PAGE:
Darban Truck

After the first volleys of stones and teargas, the Israeli army gets serious. In the summer time, they bring in the ‘Darban’ truck. This is one of the most ridiculously base and evil thing the Israelis have created—it is a white truck that drives up and starts shooting a huge spray of what looks like green water. For someone who hasn’t experienced the darban, they would think it was basic crowd control with a water hose.

Not in Palestine—imagine the worst smells you can think of, ones that would make you want to puke. Now mix all of those together and you still have no idea what this is like. We don’t know for sure how they make it, but the theories are that it is a mixture of sewage water (from settlers), sulfur and other chemicals, and animal parts (cow intestines is a popular rumor).

Regardless of what it is made of, it smells like shit and skunk mixed together and multiplied by a million in terms of foulness. If you get a drop on your skin you will smell for days. If you step on the ground where it has been sprayed your shoes will smell for days.

There are always a few people who either don’t know to run as fast as possible or think it is just water or who are just trapped and can’t get away. They get completely drenched in this shit water. I will never forget the scene from last week at Bil’in after the soldiers shot the shit water.

Bil’in 5 Year Anniversary

It was the beginning of the protest, the soldiers were not even at the wall yet. And it was the 5 year anniversary of Bil’ins protests against the wall, so there were about a 1000 protestors (usually a couple hundred) and lots of international press. The more press and internationals there are the safer the protest because the Israelis wouldn’t want to get caught doing anything too crazy by someone who can show it around the world.

So the shabaab took advantage of that fact and started literally tearing down the two fences that are the future site of the wall. These are strong metal, barbed wired, razor wired tall fences with surveillance cameras on them and everything. The boys just started pulling the fence, then jumping on it, and eventually pulled down both fences and made it to their stolen land on the other side!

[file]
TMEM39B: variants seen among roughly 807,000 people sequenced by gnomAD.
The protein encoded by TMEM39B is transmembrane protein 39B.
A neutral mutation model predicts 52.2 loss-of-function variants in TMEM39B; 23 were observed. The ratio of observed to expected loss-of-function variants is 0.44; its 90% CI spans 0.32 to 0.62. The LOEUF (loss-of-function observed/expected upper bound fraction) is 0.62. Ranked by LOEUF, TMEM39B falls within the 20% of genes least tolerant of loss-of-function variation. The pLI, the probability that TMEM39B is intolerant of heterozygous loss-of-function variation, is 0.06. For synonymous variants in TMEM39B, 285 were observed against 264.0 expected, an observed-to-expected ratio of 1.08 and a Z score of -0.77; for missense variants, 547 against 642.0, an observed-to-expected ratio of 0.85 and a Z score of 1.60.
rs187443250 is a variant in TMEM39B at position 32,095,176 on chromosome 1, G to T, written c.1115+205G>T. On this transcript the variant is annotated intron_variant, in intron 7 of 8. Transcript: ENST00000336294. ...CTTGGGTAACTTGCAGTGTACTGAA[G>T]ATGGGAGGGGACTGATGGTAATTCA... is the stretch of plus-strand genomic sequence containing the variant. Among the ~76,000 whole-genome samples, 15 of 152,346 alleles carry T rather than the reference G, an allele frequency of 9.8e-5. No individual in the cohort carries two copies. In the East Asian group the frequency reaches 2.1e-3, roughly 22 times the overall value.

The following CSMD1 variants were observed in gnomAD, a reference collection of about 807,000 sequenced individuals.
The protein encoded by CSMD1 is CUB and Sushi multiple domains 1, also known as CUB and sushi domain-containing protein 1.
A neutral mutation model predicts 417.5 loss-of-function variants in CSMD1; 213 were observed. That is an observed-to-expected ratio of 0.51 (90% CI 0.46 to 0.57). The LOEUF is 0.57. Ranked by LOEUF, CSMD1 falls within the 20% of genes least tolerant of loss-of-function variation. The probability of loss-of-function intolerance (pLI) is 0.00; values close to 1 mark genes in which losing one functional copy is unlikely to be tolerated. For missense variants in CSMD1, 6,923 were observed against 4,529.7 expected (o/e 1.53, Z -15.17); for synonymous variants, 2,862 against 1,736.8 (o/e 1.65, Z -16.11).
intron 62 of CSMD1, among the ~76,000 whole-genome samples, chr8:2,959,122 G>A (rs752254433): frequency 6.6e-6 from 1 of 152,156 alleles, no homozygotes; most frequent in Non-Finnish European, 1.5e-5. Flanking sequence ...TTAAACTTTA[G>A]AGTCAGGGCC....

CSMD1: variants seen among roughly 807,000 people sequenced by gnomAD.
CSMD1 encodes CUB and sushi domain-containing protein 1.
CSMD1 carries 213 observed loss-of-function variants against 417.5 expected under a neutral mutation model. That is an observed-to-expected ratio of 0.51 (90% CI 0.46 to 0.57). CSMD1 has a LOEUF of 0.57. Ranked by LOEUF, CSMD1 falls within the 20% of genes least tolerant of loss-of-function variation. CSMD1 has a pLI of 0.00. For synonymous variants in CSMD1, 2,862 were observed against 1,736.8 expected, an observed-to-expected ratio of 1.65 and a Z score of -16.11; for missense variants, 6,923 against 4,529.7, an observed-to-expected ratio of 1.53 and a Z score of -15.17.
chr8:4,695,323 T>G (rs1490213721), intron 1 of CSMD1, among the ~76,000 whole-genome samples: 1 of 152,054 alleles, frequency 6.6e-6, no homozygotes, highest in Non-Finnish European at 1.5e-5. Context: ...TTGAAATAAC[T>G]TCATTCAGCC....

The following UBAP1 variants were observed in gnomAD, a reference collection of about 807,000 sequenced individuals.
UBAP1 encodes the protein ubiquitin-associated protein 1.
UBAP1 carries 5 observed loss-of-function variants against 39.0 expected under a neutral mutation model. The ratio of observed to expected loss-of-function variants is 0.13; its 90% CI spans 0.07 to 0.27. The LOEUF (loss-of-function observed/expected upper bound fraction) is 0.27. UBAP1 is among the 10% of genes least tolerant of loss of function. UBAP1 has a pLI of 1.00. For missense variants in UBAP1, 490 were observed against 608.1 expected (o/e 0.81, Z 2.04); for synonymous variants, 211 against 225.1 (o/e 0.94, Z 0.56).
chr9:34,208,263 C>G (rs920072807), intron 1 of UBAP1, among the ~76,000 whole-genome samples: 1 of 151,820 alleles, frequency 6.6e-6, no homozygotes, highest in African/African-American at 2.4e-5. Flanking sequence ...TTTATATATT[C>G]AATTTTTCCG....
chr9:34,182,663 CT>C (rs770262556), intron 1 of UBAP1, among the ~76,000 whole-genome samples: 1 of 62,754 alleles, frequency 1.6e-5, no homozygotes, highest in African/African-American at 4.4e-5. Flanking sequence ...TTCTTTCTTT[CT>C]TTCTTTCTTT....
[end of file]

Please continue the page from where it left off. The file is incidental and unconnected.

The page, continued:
When the soldiers saw this, they went crazy and drove up in jeeps and brought the darban truck. It was too fast for the press or the shabaab in the front to get away and about 50 people got completely showered in the shit water! It was unlike anything I’ve ever seen before at a protest.  Mass retching and puking. People pulling off their clothes to try to get rid of the smell. I saw one very tall Palestinian man walking around dazed without his pants—he had the longest legs, and short boxers, and big hiking boots. It was one of the most ridiculous things I’ve ever seen in my life.

The smell of the shit water dominated the entire area, and got worse as the people who were soaked in it mixed in with the rest of us. Just when we started to recover from the darban attack, the IDF shot “Al Thuletheen” the teargas cannon that shoots out over 40 teargas canisters simultaneously. They shoot in all directions, like rockets with teargas smoke behind them in trails.

When we hear the popping noise of 40 gas canisters being shot within seconds of eachother, everyone panics. The ones who have never seen that type of teargas attack run back to the village as fast as they can and don’t dare to come back. The more seasoned protestors have two options. You can try to outrun the canisters and the huge teargas cloud that occurs after it, or if you know you can’t outrun them through a cloud of teargas and falling canisters all around you—you find a spot by a wall or something out of the way, crouch down, put a scarf over your face and wait.

You will feel panicked, and you think that you can’t breathe. But the trick is to stay calm and remember that within minutes, the cloud will disperse.

Israeli Army Targeting Nonviolent Protestors

Other times the IDF will shoot individual teargas canisters or grenades or bullet shaped high velocity canisters like missiles at the shabaab and press. You can see them flying right past people’s heads. Sometimes they hit people though. And if they hit you in the head, it can cause at the very least a severe injury, if not coma or death.

Tristan Anderson, an American protestor who was demonstrating at Ni’lin last spring, was hit in the head by a high velocity teargas canister that was shot straight at him, instead of up in the air at an angle. Typical.

After he was hit, his head was bleeding profusely and he was knocked to the ground unconscious. People came to help, but they were in a field and the Israeli army had invaded the village and wasn’t letting any ambulance in to help. His friends were screaming for help, and the IDF was STILL shooting teargas at him and those trying to help him. When the ambulance arrived, the IDF shot teargas that hit the ambulance and created a cloud of teargas around those trying to get Tristan into the ambulance.

He’s just now coming out of his coma, after almost a year. They aren’t sure how much of “Tristan” is left though.